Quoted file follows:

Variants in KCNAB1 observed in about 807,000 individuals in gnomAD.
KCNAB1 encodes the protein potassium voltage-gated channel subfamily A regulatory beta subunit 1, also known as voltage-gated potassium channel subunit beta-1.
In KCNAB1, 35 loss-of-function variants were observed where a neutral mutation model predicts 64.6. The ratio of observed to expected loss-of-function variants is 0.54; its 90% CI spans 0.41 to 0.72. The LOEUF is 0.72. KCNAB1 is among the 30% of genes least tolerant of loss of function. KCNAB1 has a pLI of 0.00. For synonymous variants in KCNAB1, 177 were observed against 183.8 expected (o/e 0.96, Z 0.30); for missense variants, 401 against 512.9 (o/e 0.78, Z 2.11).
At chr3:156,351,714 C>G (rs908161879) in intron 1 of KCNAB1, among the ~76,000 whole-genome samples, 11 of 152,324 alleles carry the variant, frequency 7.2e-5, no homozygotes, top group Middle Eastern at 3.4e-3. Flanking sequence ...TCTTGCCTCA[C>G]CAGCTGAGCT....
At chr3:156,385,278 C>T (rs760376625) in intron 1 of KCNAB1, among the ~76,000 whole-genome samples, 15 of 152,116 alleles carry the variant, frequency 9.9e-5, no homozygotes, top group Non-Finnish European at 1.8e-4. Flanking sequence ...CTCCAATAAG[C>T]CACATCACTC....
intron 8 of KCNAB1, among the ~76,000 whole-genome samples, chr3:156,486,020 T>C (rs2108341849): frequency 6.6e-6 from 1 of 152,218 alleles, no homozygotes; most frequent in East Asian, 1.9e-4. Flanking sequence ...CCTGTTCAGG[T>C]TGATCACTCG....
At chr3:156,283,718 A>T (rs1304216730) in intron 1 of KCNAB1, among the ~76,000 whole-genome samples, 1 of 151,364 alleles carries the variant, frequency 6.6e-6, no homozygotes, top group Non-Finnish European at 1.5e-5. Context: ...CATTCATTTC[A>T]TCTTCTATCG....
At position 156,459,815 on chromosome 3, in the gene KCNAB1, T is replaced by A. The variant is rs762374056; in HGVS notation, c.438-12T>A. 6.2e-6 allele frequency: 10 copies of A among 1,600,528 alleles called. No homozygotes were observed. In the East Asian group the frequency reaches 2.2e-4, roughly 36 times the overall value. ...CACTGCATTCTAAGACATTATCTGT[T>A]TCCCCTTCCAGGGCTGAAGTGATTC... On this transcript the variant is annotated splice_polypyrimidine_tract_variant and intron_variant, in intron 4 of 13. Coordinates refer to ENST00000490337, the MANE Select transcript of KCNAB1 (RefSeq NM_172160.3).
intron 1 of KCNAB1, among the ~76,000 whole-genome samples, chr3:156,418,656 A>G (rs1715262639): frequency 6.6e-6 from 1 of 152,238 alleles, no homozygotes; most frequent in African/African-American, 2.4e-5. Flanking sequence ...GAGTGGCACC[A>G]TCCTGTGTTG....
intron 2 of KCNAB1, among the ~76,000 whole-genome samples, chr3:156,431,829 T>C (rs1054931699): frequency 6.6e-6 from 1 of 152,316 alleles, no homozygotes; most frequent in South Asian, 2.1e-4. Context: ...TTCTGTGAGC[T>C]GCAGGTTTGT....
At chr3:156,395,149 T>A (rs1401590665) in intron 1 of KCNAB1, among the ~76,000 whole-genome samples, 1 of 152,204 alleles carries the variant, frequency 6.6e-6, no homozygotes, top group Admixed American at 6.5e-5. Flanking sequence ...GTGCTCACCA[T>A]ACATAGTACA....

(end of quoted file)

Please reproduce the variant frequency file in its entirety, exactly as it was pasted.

Variants in KCNAB1 observed in about 807,000 individuals in gnomAD.
KCNAB1 encodes the protein potassium voltage-gated channel subfamily A regulatory beta subunit 1, also known as voltage-gated potassium channel subunit beta-1.
In KCNAB1, 35 loss-of-function variants were observed where a neutral mutation model predicts 64.6. The ratio of observed to expected loss-of-function variants is 0.54; its 90% CI spans 0.41 to 0.72. The LOEUF is 0.72. KCNAB1 is among the 30% of genes least tolerant of loss of function. KCNAB1 has a pLI of 0.00. For synonymous variants in KCNAB1, 177 were observed against 183.8 expected (o/e 0.96, Z 0.30); for missense variants, 401 against 512.9 (o/e 0.78, Z 2.11).
At chr3:156,351,714 C>G (rs908161879) in intron 1 of KCNAB1, among the ~76,000 whole-genome samples, 11 of 152,324 alleles carry the variant, frequency 7.2e-5, no homozygotes, top group Middle Eastern at 3.4e-3. Flanking sequence ...TCTTGCCTCA[C>G]CAGCTGAGCT....
At chr3:156,385,278 C>T (rs760376625) in intron 1 of KCNAB1, among the ~76,000 whole-genome samples, 15 of 152,116 alleles carry the variant, frequency 9.9e-5, no homozygotes, top group Non-Finnish European at 1.8e-4. Flanking sequence ...CTCCAATAAG[C>T]CACATCACTC....
intron 8 of KCNAB1, among the ~76,000 whole-genome samples, chr3:156,486,020 T>C (rs2108341849): frequency 6.6e-6 from 1 of 152,218 alleles, no homozygotes; most frequent in East Asian, 1.9e-4. Flanking sequence ...CCTGTTCAGG[T>C]TGATCACTCG....
At chr3:156,283,718 A>T (rs1304216730) in intron 1 of KCNAB1, among the ~76,000 whole-genome samples, 1 of 151,364 alleles carries the variant, frequency 6.6e-6, no homozygotes, top group Non-Finnish European at 1.5e-5. Context: ...CATTCATTTC[A>T]TCTTCTATCG....
At position 156,459,815 on chromosome 3, in the gene KCNAB1, T is replaced by A. The variant is rs762374056; in HGVS notation, c.438-12T>A. 6.2e-6 allele frequency: 10 copies of A among 1,600,528 alleles called. No homozygotes were observed. In the East Asian group the frequency reaches 2.2e-4, roughly 36 times the overall value. ...CACTGCATTCTAAGACATTATCTGT[T>A]TCCCCTTCCAGGGCTGAAGTGATTC... On this transcript the variant is annotated splice_polypyrimidine_tract_variant and intron_variant, in intron 4 of 13. Coordinates refer to ENST00000490337, the MANE Select transcript of KCNAB1 (RefSeq NM_172160.3).
intron 1 of KCNAB1, among the ~76,000 whole-genome samples, chr3:156,418,656 A>G (rs1715262639): frequency 6.6e-6 from 1 of 152,238 alleles, no homozygotes; most frequent in African/African-American, 2.4e-5. Flanking sequence ...GAGTGGCACC[A>G]TCCTGTGTTG....
intron 2 of KCNAB1, among the ~76,000 whole-genome samples, chr3:156,431,829 T>C (rs1054931699): frequency 6.6e-6 from 1 of 152,316 alleles, no homozygotes; most frequent in South Asian, 2.1e-4. Context: ...TTCTGTGAGC[T>C]GCAGGTTTGT....
At chr3:156,395,149 T>A (rs1401590665) in intron 1 of KCNAB1, among the ~76,000 whole-genome samples, 1 of 152,204 alleles carries the variant, frequency 6.6e-6, no homozygotes, top group Admixed American at 6.5e-5. Flanking sequence ...GTGCTCACCA[T>A]ACATAGTACA....